Meet the highly coveted and sought-after Popy Godzilla Jumbosaurus (ポピー ゴジラ ジャンボザウルス/ジャンボマシンダー) released in 1978. This rare vintage toy was part of the Godzilla boom in the 70s. That same year, Mattel released a similar version of Godzilla under the Shogun Warriors in the U.S. I vividly remember spotting the Mattel Godzilla at Kiddie City. It later showed up under my Christmas tree later that year. However, the Popy Godzilla had been only a dream since I first saw it sitting on Pee-Wee Herman’s bedroom window sill in Pee-wee’s Big Adventure (1985). This Godzilla has been so elusive and too expensive. But now, after years of looking, the Jumbosaurus is finally on my shelf.
The Popy Godzilla Jumbosaurus can be seen on the window sill along with other toys in Pee-wee’s Big Adventure (1985)
The Popy Godzilla Jumbosaurus is a big toy with a height of 43 cm (17″x8″x18″). It’s only a bit smaller than Mattel’s Godzilla. It was probably one of the largest Godzilla toys released in the 70s. This toy is part of the Popy “Jumbo Machinder Series” (ジャンボマシンダーシリーズ). Jumbo Machinderis a character toy made primarily out of polyethylene and sometimes vinyl. This term become part of the standard vocabulary for toys with a similar style. Initial all the toys in the line were a standard 60 cm tall, but smaller toys called “junior machinders,” “super machinders,” and “carnival machinders” were also included.1 The first Jumbo Machinder was Mazinger Z, released in 1973. The success of this toy line led other companies to release their own. Mattel bought the rights to several Machinder toys, then retooled and released them in the 70s under the Shogun Warriors line.2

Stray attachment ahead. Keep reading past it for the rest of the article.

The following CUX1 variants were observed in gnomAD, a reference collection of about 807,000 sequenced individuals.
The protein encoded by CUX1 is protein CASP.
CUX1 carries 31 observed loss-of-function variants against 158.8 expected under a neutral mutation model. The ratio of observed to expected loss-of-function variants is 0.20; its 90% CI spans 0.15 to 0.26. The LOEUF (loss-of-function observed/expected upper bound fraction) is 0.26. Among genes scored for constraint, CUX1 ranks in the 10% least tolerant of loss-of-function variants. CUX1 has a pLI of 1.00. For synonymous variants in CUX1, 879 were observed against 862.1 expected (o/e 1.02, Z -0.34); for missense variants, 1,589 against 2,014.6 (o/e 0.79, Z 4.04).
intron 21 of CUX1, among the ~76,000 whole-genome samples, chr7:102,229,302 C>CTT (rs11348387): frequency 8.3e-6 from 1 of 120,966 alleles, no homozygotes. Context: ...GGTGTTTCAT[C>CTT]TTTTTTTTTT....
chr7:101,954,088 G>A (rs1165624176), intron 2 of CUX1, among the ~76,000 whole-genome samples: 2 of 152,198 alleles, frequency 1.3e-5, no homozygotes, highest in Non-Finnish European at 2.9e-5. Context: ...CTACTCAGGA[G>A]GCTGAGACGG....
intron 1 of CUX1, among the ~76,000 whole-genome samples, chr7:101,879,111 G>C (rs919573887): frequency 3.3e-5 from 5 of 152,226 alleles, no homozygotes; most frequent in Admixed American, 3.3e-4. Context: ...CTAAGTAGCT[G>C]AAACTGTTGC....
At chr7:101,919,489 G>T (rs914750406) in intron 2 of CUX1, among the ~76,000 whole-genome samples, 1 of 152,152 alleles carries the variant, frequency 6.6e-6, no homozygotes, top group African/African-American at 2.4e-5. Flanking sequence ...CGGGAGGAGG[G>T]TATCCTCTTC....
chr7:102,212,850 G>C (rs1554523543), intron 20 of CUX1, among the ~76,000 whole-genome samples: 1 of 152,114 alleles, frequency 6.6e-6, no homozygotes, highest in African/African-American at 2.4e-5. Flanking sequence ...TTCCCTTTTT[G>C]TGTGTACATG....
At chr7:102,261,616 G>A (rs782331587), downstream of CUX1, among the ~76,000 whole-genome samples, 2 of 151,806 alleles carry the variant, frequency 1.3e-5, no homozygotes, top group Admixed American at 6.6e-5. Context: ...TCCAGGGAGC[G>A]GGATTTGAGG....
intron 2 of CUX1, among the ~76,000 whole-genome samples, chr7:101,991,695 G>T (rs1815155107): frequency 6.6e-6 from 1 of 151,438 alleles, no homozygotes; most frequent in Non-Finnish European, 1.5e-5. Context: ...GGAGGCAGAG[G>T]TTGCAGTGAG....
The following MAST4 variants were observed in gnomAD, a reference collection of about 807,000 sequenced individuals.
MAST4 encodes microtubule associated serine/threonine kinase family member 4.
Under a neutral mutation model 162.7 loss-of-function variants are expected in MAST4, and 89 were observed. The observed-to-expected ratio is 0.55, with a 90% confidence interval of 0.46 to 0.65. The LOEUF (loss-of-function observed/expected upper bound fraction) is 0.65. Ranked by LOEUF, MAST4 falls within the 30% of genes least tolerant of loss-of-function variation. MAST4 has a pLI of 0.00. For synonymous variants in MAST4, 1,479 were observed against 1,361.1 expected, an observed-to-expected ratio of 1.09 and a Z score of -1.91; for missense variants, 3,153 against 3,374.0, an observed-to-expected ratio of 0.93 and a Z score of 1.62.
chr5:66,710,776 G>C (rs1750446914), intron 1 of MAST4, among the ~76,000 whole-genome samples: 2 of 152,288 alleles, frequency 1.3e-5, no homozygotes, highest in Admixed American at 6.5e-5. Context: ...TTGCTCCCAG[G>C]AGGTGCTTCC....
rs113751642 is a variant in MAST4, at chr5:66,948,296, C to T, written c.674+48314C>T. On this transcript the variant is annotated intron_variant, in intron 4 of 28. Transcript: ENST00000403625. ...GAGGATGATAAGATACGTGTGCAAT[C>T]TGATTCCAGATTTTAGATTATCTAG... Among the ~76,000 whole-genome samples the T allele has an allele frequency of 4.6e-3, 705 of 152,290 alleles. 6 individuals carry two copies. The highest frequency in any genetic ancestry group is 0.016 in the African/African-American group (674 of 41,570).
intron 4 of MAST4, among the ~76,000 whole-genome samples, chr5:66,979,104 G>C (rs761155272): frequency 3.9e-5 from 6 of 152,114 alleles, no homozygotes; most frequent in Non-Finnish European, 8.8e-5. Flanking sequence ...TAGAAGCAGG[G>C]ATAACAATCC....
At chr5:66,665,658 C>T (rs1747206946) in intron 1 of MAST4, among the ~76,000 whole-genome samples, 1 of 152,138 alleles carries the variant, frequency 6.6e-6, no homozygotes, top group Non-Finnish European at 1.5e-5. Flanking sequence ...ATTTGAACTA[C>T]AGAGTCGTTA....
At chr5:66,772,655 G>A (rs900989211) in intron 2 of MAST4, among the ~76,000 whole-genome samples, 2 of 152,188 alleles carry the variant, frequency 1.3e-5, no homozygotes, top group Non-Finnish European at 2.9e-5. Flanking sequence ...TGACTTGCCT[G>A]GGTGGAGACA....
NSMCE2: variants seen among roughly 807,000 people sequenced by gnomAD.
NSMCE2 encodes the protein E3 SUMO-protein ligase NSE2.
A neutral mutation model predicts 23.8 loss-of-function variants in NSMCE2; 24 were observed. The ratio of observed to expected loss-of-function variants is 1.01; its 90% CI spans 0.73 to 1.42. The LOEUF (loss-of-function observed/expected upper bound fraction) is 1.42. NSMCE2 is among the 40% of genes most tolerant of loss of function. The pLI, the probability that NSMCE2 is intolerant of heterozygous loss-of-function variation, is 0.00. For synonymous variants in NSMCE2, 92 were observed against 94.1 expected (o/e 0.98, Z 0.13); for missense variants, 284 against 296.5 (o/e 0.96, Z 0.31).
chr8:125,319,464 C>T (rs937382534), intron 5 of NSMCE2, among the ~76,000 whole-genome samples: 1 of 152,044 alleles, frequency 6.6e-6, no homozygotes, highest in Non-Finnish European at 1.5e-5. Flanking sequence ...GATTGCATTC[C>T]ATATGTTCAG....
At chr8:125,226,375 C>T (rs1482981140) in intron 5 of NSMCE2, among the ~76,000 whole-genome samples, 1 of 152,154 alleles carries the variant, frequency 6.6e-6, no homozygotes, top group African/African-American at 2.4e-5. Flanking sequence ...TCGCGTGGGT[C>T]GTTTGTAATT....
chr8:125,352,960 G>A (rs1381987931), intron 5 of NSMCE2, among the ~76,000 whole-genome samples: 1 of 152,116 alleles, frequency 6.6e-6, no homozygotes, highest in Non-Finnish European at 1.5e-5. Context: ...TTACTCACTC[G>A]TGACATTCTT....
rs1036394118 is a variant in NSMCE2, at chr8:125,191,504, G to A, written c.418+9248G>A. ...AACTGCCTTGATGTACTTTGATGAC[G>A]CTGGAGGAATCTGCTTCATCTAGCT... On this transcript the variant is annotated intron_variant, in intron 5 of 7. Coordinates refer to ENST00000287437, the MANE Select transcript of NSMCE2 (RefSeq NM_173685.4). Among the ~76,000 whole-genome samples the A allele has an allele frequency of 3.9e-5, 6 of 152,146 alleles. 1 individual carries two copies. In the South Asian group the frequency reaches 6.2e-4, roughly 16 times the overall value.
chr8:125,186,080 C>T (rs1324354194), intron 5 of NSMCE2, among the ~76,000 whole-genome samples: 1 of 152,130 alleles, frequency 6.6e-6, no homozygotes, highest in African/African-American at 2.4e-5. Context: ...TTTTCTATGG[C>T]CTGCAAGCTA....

Side-by-side comparison of the Popy Godzilla Jumbosaurus and Mattel Shogun Warriors Godzilla
There is so much to love about the Jumbosaurus. It has plenty of gimmicks for kids to play. The toy is a more accurate representation of Godzilla than the Mattel version. Its head sculpt, big dorsal fins, and long tail leave no doubt that it is Godzilla unlike the Shogun with its smooth round head, small triangular fins, and short simple tail. In contrast to the Shogun, the Popy’s head swivels side to side with a friendly face like Godzilla in the 70s movies. The mouth is open with a simple red tongue. Rather than sporting a lever-action fiery tongue, Popy built-in a roaring/talking gimmick triggered by pulling a yellow (or blue) plastic hoop on a string found along the neck between dorsal fins. Godzilla’s roar screams out from a is a speaker inside its chest. Both machinders have a spring-loaded fist that fires into the air at the push of a small button located on the right arm. The legs of the Jumbosaurus are shorter than the Mattel toy, but both are supported by wheels under their feet.
Popy (ポピー) was a Japanese toy manufacturer in the 1970s and 80s. Bandai formed Popy in 1971 until 1983 when it was merged back into the parent company. Popy is best known for the Chogokin robot figures. Their toys were designed for candy shops but they began to license characters from tokusatsu, anime and manga series.3 Popy is well known for its Kingsaurus line of Ultraman and Godzilla soft vinyl figures from which Mattel created its Godzilla’s Gang.
Above: Large pronounced dorsal fins, spring firing right hand and yellow pull string of the roaring gimmick. Below: The Japanese warning label under the tail and the Popy manufacturing label on the foot.
The Popy Godzilla Jumbosaurus has a beautiful box design similar to that of Mattel Shogun Godzilla. Mine did not come with its cool box. So I recreated the box art. My Shogun Godzilla box has been long lost too. There is nothing that can take away the wonderful feelings of completeness that I have with this fine vintage toy in my collection.
Left: original box art Right: box art recreated by MyKaiju